Schedule a Call

Fill in your details below and we'll have one of our product specialists contact you.


Is Every Married Couple Required to Spend Down All of Their Assets Before Qualifying for Medicaid?

The simple answer: No. In fact, there are couples who together have over $117,000 in assets (not including their home) and qualify for Medicaid without any spend down. How can this be? What about the “division of assets” and “spend down” people are always talking about? Medicaid law is quite complex and everyone’s situation is different.

The following example is just one of the many ways in which some of our clients are able to qualify their spouse for Medicaid without spending a penny: Carol’s husband, Bob, entered a Mississippi nursing home in October of 2012. At that time, their assets totaled approximately $200,000 (not including their home and one car, both of which are “exempt” for Medicaid purposes). Carol and her daughter immediately went to the Division of Medicaid to apply for benefits. The caseworker explained to Carol that, upon application for Medicaid benefits, the state will only allow Bob to retain $4,000 of assets in his name, and will require the transfer of their joint assets into Carol’s name up to a maximum of $113,600. Bob will qualify for Medicaid once their joint assets are spent down to $117,600. When Carol came to our office in January of 2009, it was because the social worker at Bob’s nursing home had told her she should contact an elder law attorney to see if there were ways she and Bob could preserve more than $113,560 their assets. We explained to Carol that she may be able to keep additional assets, but it would depend on her income and the interest their assets were earning.

Basically, every community spouse is entitled to a minimum monthly maintenance needs allowance of $2,841 per month. If Carol’s income, including the interest from her assets is less than $2,841, she can keep enough of Bob’s income to bring her income up to this level. Carol informed us she has $900 in income and all of her and Bob’s assets are in CD’s and bank accounts earning no more than 5%. We told Carol that her $100,000 earning 5% will be considered by the state as an asset, and the income of $416.33 per month will be counted as income, giving her a total income of $1,315.33 ($900 + 416.33). Her income, because it is less than the minimum monthly maintenance needs allowance of $2,841.00, entitles Carol to retain some of Bob’s income up to the monthly needs allowance. In this case, she can retain some of Bob’s income. Because her assets exceed the asset limits, Carol may be able to purchase a special type of annuity, or make a loan, of any excess money, in order to qualify Bob for Medicaid. However, the income from this special annuity or promissory note will reduce the amount of Bob’s monthly income that she will be permitted to keep. Bob’s monthly income is only $1,000, so the monthly income from the annuity or note will not likely decrease the amount that she is entitled to keep of his income, and all of their assets will be saved.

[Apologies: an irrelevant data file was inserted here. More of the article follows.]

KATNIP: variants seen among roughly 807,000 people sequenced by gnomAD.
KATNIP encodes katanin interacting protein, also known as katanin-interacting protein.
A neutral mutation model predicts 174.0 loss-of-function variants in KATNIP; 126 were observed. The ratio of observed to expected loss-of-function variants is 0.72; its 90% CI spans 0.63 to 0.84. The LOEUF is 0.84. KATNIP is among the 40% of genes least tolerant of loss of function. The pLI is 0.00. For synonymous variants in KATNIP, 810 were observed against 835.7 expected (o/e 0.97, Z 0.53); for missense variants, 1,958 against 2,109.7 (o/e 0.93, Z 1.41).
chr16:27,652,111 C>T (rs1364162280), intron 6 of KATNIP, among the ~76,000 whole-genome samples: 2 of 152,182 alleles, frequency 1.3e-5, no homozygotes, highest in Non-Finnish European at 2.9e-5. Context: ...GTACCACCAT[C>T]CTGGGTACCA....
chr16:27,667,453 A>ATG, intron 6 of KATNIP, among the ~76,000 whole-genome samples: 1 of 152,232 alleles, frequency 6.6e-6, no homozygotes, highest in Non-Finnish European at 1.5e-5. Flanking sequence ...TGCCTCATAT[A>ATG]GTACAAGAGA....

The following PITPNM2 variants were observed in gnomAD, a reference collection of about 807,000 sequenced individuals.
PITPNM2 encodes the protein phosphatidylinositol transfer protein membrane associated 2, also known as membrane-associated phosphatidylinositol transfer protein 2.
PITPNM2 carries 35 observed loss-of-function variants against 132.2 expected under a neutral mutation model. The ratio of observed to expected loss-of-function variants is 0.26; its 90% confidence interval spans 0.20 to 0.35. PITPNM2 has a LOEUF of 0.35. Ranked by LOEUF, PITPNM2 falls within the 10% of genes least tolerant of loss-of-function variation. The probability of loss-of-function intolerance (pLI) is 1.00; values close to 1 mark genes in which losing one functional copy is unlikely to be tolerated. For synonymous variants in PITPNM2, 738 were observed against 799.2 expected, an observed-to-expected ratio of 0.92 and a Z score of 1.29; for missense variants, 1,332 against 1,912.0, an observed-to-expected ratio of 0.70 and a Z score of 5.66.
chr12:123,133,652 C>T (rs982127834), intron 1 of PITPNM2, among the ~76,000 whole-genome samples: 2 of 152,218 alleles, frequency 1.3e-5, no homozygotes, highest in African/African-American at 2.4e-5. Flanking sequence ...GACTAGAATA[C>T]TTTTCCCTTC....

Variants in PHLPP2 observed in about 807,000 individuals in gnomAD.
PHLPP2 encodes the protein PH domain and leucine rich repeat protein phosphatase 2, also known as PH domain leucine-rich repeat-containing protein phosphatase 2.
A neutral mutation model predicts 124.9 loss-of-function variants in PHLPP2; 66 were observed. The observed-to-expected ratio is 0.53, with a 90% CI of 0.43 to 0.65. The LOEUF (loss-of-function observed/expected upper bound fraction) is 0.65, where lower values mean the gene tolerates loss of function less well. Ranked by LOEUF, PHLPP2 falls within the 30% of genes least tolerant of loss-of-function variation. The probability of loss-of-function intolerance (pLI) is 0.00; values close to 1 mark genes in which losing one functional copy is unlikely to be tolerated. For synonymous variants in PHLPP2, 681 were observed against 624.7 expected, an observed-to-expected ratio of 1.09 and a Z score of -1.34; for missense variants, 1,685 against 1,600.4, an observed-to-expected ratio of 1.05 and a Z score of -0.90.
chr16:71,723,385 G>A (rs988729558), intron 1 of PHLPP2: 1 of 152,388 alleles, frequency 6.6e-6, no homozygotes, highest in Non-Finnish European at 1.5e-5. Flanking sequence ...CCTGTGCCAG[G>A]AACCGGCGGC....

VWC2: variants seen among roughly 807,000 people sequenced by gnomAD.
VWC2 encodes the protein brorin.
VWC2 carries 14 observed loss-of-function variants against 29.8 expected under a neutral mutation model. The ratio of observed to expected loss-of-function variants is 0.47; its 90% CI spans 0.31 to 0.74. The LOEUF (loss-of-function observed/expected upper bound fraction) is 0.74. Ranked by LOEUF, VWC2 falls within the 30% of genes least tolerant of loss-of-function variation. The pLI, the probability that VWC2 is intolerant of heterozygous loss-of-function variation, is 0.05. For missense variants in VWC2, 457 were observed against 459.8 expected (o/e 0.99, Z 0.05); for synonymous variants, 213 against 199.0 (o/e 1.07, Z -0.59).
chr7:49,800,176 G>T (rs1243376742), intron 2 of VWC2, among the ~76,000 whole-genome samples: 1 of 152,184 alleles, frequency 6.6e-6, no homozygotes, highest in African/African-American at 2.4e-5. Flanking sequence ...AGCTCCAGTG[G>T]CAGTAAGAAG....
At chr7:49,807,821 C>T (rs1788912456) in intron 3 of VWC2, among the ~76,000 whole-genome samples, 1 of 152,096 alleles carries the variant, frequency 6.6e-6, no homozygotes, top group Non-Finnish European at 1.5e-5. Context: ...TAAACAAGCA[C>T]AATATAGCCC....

In order to accomplish this, special planning will be required, and it is likely that, due to the complexity of the Medicaid rules, that a fair hearing will be necessary to get the plan approved. Again, this scenario is fact-specific to Carol and Bob. It is unlikely to be accomplished at the case worker level as the state is not able to give legal advice on this type of planning. The bottom line: before you start spending down, seek advice from someone who knows Medicaid laws.  For more information, click here or email


Get Your FREE Report Now!

Three Reports Tell Secrets to Paying for Nursing Home Care

Simply enter your name and email to the right to get
your 3 Free Reports that reveal little known secrets to qualifying for Medicaid without going broke.

Plus, receive the Morton Law Firm email newsletter and alerts to upcoming education events absolutely free!

Morton Book

Call Us (601)925-9797 or Email Us

Copyright 2018 Morton Law Firm, LLC | Privacy | Disclaimer | Sitemap